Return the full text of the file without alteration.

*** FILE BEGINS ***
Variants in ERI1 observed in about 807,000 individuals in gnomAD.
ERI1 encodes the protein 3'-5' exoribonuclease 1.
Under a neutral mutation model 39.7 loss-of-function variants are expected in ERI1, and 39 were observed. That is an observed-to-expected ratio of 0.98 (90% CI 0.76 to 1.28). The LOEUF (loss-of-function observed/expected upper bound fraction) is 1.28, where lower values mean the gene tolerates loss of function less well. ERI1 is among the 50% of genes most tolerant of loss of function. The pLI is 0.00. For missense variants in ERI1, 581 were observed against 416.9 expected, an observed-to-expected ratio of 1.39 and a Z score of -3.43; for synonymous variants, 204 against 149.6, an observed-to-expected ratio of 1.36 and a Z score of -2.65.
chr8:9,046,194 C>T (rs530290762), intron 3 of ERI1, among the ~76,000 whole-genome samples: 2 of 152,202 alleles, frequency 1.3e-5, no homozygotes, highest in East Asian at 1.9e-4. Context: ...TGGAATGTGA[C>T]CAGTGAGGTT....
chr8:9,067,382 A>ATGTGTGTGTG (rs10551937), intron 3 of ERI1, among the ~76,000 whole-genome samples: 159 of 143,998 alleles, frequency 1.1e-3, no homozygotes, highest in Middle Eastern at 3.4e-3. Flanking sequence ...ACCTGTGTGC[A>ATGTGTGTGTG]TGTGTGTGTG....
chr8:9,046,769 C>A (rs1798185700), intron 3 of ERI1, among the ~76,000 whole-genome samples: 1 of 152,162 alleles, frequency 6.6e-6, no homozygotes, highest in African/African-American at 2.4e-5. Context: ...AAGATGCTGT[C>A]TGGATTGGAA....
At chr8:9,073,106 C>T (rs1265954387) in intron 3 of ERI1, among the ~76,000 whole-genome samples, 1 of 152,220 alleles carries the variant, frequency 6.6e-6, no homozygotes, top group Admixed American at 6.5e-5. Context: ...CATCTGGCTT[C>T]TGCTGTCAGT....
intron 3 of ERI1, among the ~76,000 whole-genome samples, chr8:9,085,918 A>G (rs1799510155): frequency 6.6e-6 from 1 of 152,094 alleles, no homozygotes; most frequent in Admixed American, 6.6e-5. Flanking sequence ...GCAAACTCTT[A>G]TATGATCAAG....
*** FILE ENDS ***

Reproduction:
Variants in ERI1 observed in about 807,000 individuals in gnomAD.
ERI1 encodes the protein 3'-5' exoribonuclease 1.
Under a neutral mutation model 39.7 loss-of-function variants are expected in ERI1, and 39 were observed. That is an observed-to-expected ratio of 0.98 (90% CI 0.76 to 1.28). The LOEUF (loss-of-function observed/expected upper bound fraction) is 1.28, where lower values mean the gene tolerates loss of function less well. ERI1 is among the 50% of genes most tolerant of loss of function. The pLI is 0.00. For missense variants in ERI1, 581 were observed against 416.9 expected, an observed-to-expected ratio of 1.39 and a Z score of -3.43; for synonymous variants, 204 against 149.6, an observed-to-expected ratio of 1.36 and a Z score of -2.65.
chr8:9,046,194 C>T (rs530290762), intron 3 of ERI1, among the ~76,000 whole-genome samples: 2 of 152,202 alleles, frequency 1.3e-5, no homozygotes, highest in East Asian at 1.9e-4. Context: ...TGGAATGTGA[C>T]CAGTGAGGTT....
chr8:9,067,382 A>ATGTGTGTGTG (rs10551937), intron 3 of ERI1, among the ~76,000 whole-genome samples: 159 of 143,998 alleles, frequency 1.1e-3, no homozygotes, highest in Middle Eastern at 3.4e-3. Flanking sequence ...ACCTGTGTGC[A>ATGTGTGTGTG]TGTGTGTGTG....
chr8:9,046,769 C>A (rs1798185700), intron 3 of ERI1, among the ~76,000 whole-genome samples: 1 of 152,162 alleles, frequency 6.6e-6, no homozygotes, highest in African/African-American at 2.4e-5. Context: ...AAGATGCTGT[C>A]TGGATTGGAA....
At chr8:9,073,106 C>T (rs1265954387) in intron 3 of ERI1, among the ~76,000 whole-genome samples, 1 of 152,220 alleles carries the variant, frequency 6.6e-6, no homozygotes, top group Admixed American at 6.5e-5. Context: ...CATCTGGCTT[C>T]TGCTGTCAGT....
intron 3 of ERI1, among the ~76,000 whole-genome samples, chr8:9,085,918 A>G (rs1799510155): frequency 6.6e-6 from 1 of 152,094 alleles, no homozygotes; most frequent in Admixed American, 6.6e-5. Flanking sequence ...GCAAACTCTT[A>G]TATGATCAAG....